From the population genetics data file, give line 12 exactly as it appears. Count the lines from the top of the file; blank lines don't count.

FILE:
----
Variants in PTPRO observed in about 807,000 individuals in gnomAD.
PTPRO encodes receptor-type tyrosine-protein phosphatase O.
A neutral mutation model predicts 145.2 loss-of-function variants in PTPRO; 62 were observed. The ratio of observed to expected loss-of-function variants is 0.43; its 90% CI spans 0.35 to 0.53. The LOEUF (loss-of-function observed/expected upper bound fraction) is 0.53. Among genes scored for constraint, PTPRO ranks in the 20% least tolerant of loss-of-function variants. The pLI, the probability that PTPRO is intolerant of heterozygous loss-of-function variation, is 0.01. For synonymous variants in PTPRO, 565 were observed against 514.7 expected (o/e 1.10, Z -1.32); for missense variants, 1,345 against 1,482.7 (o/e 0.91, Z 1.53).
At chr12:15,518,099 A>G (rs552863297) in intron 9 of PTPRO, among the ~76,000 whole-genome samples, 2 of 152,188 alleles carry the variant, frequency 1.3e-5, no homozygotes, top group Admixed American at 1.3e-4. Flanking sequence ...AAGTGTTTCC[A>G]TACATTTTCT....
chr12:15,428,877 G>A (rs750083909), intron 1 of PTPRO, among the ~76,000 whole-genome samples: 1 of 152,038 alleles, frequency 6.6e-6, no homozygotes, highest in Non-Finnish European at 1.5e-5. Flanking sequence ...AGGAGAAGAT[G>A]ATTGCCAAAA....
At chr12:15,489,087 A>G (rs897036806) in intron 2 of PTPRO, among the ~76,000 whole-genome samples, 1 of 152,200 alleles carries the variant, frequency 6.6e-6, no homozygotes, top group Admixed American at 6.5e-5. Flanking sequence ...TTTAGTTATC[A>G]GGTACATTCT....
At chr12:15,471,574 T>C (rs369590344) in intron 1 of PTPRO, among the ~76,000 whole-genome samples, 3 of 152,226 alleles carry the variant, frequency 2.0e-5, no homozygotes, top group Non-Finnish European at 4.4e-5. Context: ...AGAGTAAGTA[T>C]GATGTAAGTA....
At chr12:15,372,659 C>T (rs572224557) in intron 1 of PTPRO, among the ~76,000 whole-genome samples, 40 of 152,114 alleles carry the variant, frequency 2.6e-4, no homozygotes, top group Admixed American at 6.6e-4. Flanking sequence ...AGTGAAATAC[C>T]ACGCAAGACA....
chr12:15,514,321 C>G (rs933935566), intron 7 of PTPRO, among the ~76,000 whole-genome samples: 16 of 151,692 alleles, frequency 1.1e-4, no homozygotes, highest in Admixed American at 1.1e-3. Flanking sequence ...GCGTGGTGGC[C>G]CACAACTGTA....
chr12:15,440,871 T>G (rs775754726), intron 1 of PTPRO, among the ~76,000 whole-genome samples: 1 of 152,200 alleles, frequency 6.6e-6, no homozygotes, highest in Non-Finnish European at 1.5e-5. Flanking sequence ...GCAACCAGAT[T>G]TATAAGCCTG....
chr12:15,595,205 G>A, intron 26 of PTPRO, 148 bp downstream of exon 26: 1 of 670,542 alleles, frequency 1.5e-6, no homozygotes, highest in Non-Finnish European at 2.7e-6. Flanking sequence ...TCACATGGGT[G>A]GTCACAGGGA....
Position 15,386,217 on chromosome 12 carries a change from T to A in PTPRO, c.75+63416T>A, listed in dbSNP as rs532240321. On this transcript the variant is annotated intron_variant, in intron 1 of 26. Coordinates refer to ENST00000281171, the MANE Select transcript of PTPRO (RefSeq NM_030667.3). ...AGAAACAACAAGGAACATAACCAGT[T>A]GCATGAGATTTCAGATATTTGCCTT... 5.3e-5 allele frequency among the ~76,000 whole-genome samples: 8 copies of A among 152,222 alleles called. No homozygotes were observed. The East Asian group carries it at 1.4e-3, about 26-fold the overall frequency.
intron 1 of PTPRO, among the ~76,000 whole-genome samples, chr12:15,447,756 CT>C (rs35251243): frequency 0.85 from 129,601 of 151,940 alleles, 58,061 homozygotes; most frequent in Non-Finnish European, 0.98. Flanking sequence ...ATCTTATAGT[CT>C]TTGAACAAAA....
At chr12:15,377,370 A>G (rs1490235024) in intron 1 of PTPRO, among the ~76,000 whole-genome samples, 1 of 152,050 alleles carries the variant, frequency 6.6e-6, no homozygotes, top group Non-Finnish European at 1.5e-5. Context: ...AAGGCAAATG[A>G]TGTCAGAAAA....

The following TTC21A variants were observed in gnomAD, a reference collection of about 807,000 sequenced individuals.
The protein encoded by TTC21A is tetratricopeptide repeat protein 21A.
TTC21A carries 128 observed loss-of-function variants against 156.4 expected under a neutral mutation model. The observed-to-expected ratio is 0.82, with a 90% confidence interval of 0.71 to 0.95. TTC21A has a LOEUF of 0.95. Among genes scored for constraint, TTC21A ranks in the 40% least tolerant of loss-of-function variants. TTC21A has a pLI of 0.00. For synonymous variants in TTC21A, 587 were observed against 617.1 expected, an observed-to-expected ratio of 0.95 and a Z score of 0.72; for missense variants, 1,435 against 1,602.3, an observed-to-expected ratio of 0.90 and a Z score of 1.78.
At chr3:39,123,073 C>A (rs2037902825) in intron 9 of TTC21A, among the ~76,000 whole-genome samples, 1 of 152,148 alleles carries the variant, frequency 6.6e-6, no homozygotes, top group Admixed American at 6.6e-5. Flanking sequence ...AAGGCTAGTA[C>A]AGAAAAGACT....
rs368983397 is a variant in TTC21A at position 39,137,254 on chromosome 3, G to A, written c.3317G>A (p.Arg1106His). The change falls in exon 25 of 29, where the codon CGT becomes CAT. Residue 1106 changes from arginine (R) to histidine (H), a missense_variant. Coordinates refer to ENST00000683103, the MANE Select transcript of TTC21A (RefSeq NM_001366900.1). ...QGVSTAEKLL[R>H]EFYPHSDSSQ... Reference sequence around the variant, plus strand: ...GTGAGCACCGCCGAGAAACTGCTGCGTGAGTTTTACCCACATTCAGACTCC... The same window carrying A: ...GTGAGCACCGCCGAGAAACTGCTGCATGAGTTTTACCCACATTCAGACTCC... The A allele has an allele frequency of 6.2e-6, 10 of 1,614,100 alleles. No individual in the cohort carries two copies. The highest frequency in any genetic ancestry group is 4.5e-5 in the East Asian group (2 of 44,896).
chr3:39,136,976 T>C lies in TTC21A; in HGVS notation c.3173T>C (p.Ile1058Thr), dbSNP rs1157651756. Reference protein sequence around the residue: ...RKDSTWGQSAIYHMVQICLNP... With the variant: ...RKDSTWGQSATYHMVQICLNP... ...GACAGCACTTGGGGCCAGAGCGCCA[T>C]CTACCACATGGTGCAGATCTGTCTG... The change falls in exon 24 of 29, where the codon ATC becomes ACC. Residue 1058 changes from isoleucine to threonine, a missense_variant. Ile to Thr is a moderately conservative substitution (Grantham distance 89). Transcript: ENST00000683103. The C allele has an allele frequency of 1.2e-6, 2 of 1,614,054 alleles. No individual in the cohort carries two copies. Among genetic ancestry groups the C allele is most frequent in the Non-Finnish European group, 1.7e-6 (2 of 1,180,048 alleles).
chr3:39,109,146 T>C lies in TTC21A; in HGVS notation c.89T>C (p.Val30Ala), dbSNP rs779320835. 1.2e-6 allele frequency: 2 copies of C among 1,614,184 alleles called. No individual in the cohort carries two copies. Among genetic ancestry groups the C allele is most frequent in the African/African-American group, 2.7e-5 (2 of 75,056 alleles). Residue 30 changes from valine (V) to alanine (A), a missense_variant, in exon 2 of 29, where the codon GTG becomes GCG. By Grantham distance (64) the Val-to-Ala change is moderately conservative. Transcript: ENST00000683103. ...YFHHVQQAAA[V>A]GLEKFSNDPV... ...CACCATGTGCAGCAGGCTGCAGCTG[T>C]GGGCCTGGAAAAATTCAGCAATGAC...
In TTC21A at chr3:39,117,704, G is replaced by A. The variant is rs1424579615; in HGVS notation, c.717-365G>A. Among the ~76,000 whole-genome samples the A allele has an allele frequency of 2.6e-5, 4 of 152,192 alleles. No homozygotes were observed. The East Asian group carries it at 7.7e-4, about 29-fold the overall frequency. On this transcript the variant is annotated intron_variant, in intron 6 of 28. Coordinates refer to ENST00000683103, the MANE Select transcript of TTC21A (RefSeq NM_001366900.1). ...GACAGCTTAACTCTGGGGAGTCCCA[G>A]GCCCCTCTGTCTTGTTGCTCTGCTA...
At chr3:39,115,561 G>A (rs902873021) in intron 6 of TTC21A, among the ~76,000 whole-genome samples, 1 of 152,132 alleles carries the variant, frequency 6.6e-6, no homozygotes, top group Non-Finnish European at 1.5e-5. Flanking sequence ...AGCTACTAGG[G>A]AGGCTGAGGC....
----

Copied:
Position 15,386,217 on chromosome 12 carries a change from T to A in PTPRO, c.75+63416T>A, listed in dbSNP as rs532240321. On this transcript the variant is annotated intron_variant, in intron 1 of 26. Coordinates refer to ENST00000281171, the MANE Select transcript of PTPRO (RefSeq NM_030667.3). ...AGAAACAACAAGGAACATAACCAGT[T>A]GCATGAGATTTCAGATATTTGCCTT... 5.3e-5 allele frequency among the ~76,000 whole-genome samples: 8 copies of A among 152,222 alleles called. No homozygotes were observed. The East Asian group carries it at 1.4e-3, about 26-fold the overall frequency.